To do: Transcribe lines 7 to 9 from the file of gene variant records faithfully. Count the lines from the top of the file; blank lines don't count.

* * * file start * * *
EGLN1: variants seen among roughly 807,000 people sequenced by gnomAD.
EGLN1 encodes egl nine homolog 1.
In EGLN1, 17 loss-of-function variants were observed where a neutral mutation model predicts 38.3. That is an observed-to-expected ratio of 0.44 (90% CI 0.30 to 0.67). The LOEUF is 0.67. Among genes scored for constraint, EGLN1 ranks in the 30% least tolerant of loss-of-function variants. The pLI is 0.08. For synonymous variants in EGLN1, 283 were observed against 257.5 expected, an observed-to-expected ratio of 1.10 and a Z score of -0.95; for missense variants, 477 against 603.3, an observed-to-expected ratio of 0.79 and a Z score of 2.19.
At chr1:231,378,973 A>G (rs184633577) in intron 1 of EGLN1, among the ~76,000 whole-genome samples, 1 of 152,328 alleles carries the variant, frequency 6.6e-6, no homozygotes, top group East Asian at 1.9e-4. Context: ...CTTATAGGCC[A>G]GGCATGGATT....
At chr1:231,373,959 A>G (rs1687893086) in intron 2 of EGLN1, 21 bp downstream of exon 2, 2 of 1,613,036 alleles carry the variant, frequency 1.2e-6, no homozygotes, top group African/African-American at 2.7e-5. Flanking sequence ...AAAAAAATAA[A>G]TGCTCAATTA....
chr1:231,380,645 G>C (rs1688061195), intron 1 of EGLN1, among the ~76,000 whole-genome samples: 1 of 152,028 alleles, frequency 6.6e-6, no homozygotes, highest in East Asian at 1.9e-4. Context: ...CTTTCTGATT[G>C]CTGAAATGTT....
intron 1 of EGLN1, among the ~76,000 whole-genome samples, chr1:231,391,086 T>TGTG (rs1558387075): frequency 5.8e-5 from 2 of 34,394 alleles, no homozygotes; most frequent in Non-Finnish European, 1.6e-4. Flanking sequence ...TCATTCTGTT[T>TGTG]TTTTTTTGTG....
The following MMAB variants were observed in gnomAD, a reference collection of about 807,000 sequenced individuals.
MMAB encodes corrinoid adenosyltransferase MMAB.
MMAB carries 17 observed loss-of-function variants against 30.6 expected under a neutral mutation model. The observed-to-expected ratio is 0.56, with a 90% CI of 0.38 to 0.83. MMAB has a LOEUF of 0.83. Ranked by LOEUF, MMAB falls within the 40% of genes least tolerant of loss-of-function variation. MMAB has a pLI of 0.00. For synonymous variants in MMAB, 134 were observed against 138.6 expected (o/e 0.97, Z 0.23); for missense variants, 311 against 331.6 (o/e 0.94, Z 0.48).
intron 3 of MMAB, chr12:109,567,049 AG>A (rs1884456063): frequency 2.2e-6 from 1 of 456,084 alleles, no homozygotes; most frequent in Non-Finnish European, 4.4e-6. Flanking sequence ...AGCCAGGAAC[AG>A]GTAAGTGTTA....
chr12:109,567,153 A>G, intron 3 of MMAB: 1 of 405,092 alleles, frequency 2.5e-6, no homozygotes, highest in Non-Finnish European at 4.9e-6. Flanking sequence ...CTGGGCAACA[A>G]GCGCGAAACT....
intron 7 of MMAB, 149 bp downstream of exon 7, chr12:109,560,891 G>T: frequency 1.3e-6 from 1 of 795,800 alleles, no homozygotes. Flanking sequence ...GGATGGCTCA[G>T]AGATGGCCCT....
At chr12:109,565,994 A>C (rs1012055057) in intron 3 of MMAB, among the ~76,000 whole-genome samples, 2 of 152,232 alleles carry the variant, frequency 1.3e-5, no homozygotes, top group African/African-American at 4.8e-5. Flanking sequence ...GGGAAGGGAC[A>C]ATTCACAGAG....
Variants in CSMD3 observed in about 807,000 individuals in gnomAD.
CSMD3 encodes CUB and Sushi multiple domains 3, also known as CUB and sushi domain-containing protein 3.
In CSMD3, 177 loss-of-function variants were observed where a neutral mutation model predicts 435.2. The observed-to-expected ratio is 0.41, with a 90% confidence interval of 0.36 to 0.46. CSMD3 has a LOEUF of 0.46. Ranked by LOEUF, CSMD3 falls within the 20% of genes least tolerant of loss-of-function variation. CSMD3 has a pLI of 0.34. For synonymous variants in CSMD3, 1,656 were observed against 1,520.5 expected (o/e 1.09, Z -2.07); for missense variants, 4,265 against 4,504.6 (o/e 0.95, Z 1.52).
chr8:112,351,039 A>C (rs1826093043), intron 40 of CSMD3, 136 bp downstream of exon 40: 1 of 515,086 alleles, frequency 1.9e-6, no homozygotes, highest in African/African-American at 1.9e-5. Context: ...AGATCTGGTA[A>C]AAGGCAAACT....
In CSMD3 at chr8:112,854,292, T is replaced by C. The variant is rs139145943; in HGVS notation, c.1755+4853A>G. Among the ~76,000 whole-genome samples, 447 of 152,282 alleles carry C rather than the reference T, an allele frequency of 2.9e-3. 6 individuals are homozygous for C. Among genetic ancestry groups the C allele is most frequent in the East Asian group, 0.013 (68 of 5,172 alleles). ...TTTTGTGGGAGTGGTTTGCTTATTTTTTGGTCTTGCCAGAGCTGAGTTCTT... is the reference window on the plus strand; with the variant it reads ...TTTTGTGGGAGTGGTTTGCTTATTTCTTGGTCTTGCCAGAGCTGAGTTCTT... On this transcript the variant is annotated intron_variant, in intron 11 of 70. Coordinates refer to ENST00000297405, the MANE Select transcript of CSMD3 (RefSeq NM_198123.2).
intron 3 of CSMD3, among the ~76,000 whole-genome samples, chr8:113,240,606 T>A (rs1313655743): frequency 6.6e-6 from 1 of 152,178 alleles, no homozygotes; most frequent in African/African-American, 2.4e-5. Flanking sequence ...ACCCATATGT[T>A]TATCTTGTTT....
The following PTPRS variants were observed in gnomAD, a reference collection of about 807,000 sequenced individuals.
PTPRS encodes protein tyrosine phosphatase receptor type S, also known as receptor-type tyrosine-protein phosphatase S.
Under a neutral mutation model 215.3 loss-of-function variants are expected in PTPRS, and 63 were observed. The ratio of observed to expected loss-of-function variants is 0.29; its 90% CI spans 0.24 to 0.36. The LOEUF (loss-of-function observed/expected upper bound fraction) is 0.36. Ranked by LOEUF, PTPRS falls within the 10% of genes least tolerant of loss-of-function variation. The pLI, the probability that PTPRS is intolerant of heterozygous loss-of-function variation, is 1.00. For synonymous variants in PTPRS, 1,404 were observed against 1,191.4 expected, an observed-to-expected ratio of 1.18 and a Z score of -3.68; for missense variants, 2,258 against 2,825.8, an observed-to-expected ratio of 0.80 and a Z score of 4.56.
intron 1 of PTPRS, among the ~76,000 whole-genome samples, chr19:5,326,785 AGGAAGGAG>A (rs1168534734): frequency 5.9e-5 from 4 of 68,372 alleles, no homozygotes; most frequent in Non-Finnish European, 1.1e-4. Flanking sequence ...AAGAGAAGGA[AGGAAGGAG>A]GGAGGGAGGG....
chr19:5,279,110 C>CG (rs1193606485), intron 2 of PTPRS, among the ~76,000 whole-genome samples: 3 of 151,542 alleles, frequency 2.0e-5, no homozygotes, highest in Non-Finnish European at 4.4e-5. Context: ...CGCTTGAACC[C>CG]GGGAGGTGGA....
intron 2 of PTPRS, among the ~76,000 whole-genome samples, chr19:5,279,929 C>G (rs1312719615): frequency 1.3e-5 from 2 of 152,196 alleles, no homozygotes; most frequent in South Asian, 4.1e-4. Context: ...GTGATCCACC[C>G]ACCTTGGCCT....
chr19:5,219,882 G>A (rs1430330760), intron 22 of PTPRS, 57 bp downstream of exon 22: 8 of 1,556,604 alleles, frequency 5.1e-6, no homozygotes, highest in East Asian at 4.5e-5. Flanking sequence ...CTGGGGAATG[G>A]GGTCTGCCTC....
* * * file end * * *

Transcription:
intron 1 of EGLN1, among the ~76,000 whole-genome samples, chr1:231,391,086 T>TGTG (rs1558387075): frequency 5.8e-5 from 2 of 34,394 alleles, no homozygotes; most frequent in Non-Finnish European, 1.6e-4. Flanking sequence ...TCATTCTGTT[T>TGTG]TTTTTTTGTG....
The following MMAB variants were observed in gnomAD, a reference collection of about 807,000 sequenced individuals.
MMAB encodes corrinoid adenosyltransferase MMAB.